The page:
In an Oct. 10 email sent to potential supporters before the redistricting plan was approved, Crane said he believes he has the experience and record that make him a strong candidate for the state Senate seat. He is a former chair of the Sussex County Democratic Party, where Rehoboth and Lewes are located; and he currently serves as an adjunct professor at Delaware State University’s graduate school, where he teaches American Governance and Administration.

He is a past president of the Delaware Stonewall PAC, a statewide LGBTQ advocacy group, and he’s the state’s former Deputy Insurance Commissioner.

 “I intend to focus on smart growth in Sussex County; work on the problems of homelessness and the need for affordable housing; and assuring that this district receives its fair portion of tax dollars,” he said in his Oct. 10 email message announcing his candidacy.

Crane said he posted a Facebook message on Oct. 26 informing supporters that the redrawn district lines removed him from the district, and he is no longer a candidate.

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MSNBC’s Capehart to host SMYAL’s Fall Brunch Nov. 6

Ashland Johnson to serve as keynote speaker



Gay journalist Jonathan Capehart will host SMYAL’s Fall Brunch. (Blade file photo by Michael Key)

Pulitzer Prizing-winning gay journalist Jonathan Capehart, the anchor of MSNBC’s “Sunday Show with Jonathan Capehart,” will serve as host for the 24th Annual SMYAL Fall Brunch scheduled for Saturday, Nov. 6, at D.C.’s Marriott Marquis Hotel.

The annual Fall Brunch serves as one of the largest fundraising events for SMYAL, which advocates and provides services for LGBTQ youth in the D.C. metropolitan area. 

“Each year, a community of advocates, changemakers, and supporters comes together at the Fall Brunch to raise much-needed funds to support and expand critical programs and services for queer and trans youth in the DMV area,” a statement released by the organization says.

The statement says attorney and former Division I women’s collegiate basketball athlete Ashland Johnson will be the keynote speaker at the SMYAL Fall Brunch. Johnson founded the sports project called The Inclusion Playbook, which advocates for racial justice and LGBTQ inclusion in sports.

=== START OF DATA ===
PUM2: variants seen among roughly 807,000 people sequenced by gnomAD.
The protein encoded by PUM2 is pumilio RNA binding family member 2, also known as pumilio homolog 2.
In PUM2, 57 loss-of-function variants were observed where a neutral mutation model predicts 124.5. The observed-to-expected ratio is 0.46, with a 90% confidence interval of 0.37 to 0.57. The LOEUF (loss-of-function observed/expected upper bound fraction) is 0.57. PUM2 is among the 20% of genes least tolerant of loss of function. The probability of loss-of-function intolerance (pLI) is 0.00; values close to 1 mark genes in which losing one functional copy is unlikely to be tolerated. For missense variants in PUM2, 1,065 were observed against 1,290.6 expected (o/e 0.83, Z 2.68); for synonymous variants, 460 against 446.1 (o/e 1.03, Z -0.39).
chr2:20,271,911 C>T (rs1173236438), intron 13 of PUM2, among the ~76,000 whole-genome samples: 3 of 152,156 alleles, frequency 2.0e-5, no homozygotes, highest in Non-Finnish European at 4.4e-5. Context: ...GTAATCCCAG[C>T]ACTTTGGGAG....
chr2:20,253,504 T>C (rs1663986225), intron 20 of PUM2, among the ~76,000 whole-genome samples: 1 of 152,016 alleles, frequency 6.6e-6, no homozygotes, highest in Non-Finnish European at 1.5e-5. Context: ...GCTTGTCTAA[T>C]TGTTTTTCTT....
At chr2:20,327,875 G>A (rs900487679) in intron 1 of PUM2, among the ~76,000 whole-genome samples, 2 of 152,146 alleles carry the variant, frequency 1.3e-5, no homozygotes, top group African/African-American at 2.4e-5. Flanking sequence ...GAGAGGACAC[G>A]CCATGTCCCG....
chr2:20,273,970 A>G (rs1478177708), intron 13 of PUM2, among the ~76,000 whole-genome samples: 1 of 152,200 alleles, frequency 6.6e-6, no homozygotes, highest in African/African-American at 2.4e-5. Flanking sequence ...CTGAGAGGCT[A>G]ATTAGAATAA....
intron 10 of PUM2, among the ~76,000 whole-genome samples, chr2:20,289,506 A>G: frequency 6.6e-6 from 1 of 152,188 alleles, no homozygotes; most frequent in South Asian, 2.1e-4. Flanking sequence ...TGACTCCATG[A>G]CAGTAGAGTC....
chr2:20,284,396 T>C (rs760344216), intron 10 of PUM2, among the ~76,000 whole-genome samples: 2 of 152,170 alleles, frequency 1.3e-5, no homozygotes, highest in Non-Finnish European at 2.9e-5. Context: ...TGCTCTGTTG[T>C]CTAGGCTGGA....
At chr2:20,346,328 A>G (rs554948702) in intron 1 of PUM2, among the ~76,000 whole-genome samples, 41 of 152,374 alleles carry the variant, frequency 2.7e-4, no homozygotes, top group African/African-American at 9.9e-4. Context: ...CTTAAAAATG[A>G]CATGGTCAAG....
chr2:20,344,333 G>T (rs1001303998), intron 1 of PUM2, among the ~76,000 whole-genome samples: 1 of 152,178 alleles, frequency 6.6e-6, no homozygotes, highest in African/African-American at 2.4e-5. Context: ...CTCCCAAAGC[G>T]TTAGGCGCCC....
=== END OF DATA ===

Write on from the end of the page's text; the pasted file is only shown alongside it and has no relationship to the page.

Other speakers include Zahra Wardrick, a SMYAL program participant and youth poet; and Leandra Nichola, a parent of attendees of Little SMYALs, a program that SMYAL says provides support for “the youngest members of the LGBTQ community” at ages 6-12. The SMYAL statement says Nichola is the owner and general manager of the Takoma Park, Md., based café, bar, retail, and bubble tea shop called Main Street Pearl.

According to the statement, the SMYAL Fall Brunch, including a planned silent auction, will be live streamed through SMYAL’s Facebook page for participants who may not be able to attend in person. For those attending the event in person, proof of COVID-19 vaccination will be required, and masks will also be required for all attendees when not actively eating or drinking, the statement says.

The statement says that for attendees and supporters, the Fall Brunch is “a community celebration of how your support has not only made it possible for SMYAL to continue to serve LGBTQ youth through these challenging times, it’s allowed our programs to grow and deepen.”

Adds the statement, “From affirming mental health support and housing to fostering community spaces and youth leadership training, we will continue to be there for queer and trans youth together.”

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McAuliffe: Youngkin ‘most homophobic’ candidate in Va. history

Former governor spoke with Blade on Oct. 21



Terry McAuliffe (Photo courtesy of Terry McAuliffe for Governor)

Terry McAuliffe described Republican Glenn Youngkin as the “most homophobic” and most “anti-choice candidate” in Virginia history during an Oct. 21 telephone interview with the Washington Blade.